As for those overly progressive Democrats: Yes, some were defeated. But in a Hillary Clinton-won Georgia district where a studiously moderate Democrat lost badly in 2016, Lucy McBath , a black woman who became part of the Black Lives Matter movement after losing her son to gun violence, saw victory Tuesday. A socialist judge was elected in Houston, and across the country, “far left” policies met with voter approval, including marijuana decriminalization in Michigan and police oversight in Nashville. But there are exceptions to those trends, too. Ohioans rejected sentencing reform; North Dakota declined to decriminalize pot.
Expand your vision to ballot initiatives in general, and it becomes even harder to say exactly what happened. Three red states voted to expand Medicaid (and two of those states handed easy victories to GOP gubernatorial candidates). Florida, where the state-level races are neck-and-neck, approved an amendment to reenfranchise formerly incarcerated people with 65 percent of the vote.
In the face of these confounding, conflicting realities, many chin-strokers have settled on what sounds like an admission of defeat: the claim that this election was a “split decision.” I heard the phrase echoed on every channel covering the election, and it was in headlines from the National Review to NPR . “A split decision” is less an analysis than a rhetorical throwing up of hands. Some won, some lost! America is about evenly divided! Trump is popular, except where he’s not! The Wall Street Journal: “Trump Did What He Needed to Do in the Midterms .” The New Yorker: “Make No Mistake, the Midterm Elections Were a Democratic Victory and a Rebuke of Trump.”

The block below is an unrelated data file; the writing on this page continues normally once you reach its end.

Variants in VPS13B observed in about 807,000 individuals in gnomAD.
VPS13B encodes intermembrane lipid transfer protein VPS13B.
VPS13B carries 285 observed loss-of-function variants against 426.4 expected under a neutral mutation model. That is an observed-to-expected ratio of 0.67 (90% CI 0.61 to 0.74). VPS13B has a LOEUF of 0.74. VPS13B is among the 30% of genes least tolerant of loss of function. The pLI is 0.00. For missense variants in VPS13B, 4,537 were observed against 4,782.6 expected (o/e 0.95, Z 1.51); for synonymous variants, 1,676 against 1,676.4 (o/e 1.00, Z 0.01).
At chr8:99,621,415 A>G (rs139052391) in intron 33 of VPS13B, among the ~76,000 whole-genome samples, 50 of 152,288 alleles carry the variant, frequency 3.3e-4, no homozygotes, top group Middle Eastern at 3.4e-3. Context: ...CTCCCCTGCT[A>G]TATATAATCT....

Rather than try to divine the will of the nation, we in the media should think more broadly and more historically. The night saw its share of firsts, all of which got deserved coverage. Colorado has the country’s first openly gay man elected governor. Congress got its first Muslim and Native American women, a new youngest woman ever, and the first lesbian mom. Not all of these diversity firsts were Democrats, either: The first female governor of South Dakota, the first female senator from Tennessee and the first Korean American woman in Congress are all Republicans.
But those victories aren’t the full story. Behind each of them — and each of the ballot measures and county clerk races — was a historically large army of volunteers that knocked on doors and registered voters, phone-banked and donated. Republicans trained five times more students as Republican Leadership Initiative Fellows this year than in 2016. The Democrats’ mobile canvassing app had 65,000 more users this year than two years ago. Texas congressional candidate Sri Preston Kulkarni held phone banks in 13 different languages. Democratic Georgia gubernatorial hopeful Stacey Abrams funded a 300-person door-to-door campaign staffed primarily by black women. The Human Rights Campaign, an LGBTQ advocacy group, sent field staff to support Andrew Gillum’s gubernatorial run in Florida after sitting out the last contest. Their work is what led to the largest midterm turnout in a generation. If it was only about Trump, people might have just tweeted at him.
Kulkarni lost — 51 to 46 percent. Abrams and Gillum are headed toward runoffs or recounts. But their campaigns are evidence that the enduring story of the midterms isn’t about who won or lost, it’s about who participated. The real danger in letting conventional wisdom congeal around any specific narrative is that we write off huge swaths of the country — and more often than not, it’s the parts of the country that always have trouble getting their stories told.
Correction: An earlier version of this post incorrectly stated that North Dakota had elected its first female governor. It was South Dakota.